Image source: Wikipedia
March 12th 2014 marked the 25th anniversary of the World Wide Web. It is hard to believe that pre-1989 there was no Web (or at least public access to). In recent years as the price of computers have decreased and affordable smart technologies increased, access and use of the Web for many has become a daily part of our lives. The growth in smart mobile technology has meant that users can access the Web and social networking sites on the go when and wherever they want to. The first handheld cellphone was sold on March 13, 1984 for $3995— 30 years ago! What a long way we have come. Today not only can we use these devices to hold telephone conversations, we can also text, take photos and video and share these through social networking sites, and access information from websites. WiFi hot spots are increasingly found in public spaces – buses, cafes and shops, making it easier for users to connect.
Social Media and Virtual Communities
Without the Web there would be no social media. Enhancements made to the Web have seen a shift from static web pages (Web 1.0) and passive reading to interactive pages (Web 2.0) where user generated content can be easily added to a page and users can communicate and collaborate within the sites. Self publishing platforms such as WordPress (used for this blog) have enabled many to create their own content without the need of programming or web design skills.
The growth of social media has been exponential and many of these communities are less than 10 years old. In the chart below (Source: Wikipedia) is a list of virtual communities with more than 100 million active users. Note the dates on the right hand side as this list is updated periodically so only gives an indication of the figures, however I felt it did provide a useful feel for the growth of these sites. A list of the major active social networking websites can be found here.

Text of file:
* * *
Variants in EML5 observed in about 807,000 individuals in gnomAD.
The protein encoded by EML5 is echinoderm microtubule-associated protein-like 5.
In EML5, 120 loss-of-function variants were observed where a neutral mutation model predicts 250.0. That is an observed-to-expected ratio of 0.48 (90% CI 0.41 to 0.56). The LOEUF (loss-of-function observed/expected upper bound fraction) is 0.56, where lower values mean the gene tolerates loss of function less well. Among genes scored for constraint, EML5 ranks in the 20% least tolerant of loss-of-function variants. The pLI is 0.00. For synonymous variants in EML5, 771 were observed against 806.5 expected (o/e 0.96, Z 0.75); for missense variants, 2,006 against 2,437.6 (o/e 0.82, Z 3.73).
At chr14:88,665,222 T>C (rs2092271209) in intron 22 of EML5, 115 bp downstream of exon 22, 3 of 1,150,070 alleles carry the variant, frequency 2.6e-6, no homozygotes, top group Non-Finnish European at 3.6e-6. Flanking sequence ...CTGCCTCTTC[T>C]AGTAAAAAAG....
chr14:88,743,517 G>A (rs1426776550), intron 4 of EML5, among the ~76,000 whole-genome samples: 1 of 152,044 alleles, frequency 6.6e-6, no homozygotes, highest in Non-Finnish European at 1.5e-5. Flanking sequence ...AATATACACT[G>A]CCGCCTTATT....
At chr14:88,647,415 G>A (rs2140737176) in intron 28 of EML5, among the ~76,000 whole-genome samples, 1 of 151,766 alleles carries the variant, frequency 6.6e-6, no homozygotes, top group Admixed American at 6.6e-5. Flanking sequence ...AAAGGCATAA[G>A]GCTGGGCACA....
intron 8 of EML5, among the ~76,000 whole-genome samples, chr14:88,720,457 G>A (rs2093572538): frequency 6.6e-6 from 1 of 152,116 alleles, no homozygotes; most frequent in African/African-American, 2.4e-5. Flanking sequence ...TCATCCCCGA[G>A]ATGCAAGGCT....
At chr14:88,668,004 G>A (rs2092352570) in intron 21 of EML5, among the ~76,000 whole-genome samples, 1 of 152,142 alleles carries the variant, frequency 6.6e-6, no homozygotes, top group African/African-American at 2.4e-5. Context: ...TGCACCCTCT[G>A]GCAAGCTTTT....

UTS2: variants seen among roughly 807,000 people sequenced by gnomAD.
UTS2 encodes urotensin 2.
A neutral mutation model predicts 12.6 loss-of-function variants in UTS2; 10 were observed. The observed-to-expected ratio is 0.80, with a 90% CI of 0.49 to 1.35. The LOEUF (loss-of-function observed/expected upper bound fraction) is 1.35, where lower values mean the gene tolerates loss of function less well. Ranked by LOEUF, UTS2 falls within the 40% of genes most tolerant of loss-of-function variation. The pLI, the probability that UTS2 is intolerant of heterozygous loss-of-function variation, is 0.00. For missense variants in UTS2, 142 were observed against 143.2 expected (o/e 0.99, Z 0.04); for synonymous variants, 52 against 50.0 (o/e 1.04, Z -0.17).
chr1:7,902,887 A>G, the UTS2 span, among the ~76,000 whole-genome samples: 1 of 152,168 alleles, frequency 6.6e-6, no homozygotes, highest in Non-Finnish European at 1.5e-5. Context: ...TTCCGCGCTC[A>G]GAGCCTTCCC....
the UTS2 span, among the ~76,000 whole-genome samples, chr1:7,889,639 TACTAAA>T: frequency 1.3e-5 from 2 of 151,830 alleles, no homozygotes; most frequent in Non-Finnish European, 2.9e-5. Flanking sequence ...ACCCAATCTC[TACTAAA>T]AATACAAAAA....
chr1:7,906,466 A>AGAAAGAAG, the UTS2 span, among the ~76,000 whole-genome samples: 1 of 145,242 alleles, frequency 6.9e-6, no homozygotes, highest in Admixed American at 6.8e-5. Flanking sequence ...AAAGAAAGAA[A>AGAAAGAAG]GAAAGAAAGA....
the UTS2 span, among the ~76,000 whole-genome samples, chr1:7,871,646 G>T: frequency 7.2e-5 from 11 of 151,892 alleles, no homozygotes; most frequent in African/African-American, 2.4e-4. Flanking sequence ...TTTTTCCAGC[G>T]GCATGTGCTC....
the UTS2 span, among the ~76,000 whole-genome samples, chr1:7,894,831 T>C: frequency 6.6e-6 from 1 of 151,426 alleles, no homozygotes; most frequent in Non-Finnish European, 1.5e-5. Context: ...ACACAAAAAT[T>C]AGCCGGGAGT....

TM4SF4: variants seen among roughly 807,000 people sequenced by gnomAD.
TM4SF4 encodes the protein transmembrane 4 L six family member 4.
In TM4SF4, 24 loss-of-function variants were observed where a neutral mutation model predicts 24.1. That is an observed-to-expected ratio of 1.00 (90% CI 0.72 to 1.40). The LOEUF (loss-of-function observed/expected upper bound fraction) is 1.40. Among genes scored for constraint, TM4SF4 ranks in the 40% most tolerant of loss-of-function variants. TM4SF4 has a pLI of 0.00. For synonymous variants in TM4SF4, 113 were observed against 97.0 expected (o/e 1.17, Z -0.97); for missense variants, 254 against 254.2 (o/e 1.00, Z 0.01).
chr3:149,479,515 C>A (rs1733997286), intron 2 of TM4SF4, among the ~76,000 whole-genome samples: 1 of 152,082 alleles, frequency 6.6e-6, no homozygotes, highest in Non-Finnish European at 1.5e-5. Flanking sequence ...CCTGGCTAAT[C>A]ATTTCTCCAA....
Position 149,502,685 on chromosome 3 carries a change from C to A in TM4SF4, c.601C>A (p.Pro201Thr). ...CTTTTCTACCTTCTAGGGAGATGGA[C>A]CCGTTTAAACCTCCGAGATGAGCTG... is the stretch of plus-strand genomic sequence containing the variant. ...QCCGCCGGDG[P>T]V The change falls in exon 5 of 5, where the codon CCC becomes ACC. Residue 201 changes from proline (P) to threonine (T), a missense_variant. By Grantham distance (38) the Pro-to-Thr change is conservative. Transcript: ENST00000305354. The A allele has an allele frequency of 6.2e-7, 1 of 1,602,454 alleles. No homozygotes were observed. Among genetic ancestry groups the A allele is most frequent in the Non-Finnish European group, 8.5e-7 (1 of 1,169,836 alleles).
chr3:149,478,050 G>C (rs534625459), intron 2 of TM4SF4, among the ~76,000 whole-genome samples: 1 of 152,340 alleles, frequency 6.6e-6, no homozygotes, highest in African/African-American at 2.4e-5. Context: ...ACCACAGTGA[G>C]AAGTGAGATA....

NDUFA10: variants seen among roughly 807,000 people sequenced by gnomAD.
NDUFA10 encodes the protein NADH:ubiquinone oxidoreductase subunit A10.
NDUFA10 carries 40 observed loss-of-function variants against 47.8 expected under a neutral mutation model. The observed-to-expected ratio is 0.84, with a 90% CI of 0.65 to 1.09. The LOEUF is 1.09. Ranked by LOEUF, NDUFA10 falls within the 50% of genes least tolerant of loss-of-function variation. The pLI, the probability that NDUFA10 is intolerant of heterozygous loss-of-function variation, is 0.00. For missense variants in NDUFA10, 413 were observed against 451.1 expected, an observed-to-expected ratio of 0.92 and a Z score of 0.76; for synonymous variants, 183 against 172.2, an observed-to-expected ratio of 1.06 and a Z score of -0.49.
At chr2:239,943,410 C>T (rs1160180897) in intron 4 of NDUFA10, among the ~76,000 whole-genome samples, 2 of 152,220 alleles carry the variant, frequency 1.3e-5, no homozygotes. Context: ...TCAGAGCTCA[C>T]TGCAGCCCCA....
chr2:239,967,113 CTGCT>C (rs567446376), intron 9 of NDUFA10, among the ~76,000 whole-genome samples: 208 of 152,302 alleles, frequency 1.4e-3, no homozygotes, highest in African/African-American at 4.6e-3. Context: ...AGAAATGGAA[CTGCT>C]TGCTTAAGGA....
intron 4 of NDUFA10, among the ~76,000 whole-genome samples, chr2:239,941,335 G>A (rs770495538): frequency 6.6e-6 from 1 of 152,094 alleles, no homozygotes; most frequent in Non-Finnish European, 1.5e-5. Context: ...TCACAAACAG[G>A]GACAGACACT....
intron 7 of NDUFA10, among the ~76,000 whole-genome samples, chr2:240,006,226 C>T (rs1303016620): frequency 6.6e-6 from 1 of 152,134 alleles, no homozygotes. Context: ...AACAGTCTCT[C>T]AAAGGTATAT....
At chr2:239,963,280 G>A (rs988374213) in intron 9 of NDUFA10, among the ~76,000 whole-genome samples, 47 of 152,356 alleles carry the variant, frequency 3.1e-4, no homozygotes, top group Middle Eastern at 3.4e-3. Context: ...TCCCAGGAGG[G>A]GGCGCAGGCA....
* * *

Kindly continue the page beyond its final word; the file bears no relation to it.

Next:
Alexa (a web information company) keeps a list of the top 500 global sites. The sites in the top sites lists are ordered by their 1 month alexa traffic rank. The 1 month rank is calculated using a combination of average daily visitors and page views over the past month. The site with the highest combination of visitors and page views is ranked #1. The list can also be filtered by country. In the top 10 global sites (as of today’s date) you will find four social media sites (Facebook, YouTube, LinkedIn and Twitter) and in the top 2o a further two (Blogger and WordPress).
Top 10 Global Sites
History of the Web
In March 1989 Tim Berners-Lee, a scientist working at CERN, submitted a proposal to develop a radical new way of linking and sharing information over the internet. The document was entitled Information Management: A Proposal. And so the web was born.
The name CERN is derived from the acronym for the French “Conseil Européen pour la Recherche Nucléaire”, or European Council for Nuclear Research, a provisional body founded in 1952 with the mandate of establishing a world-class fundamental physics research organization in Europe.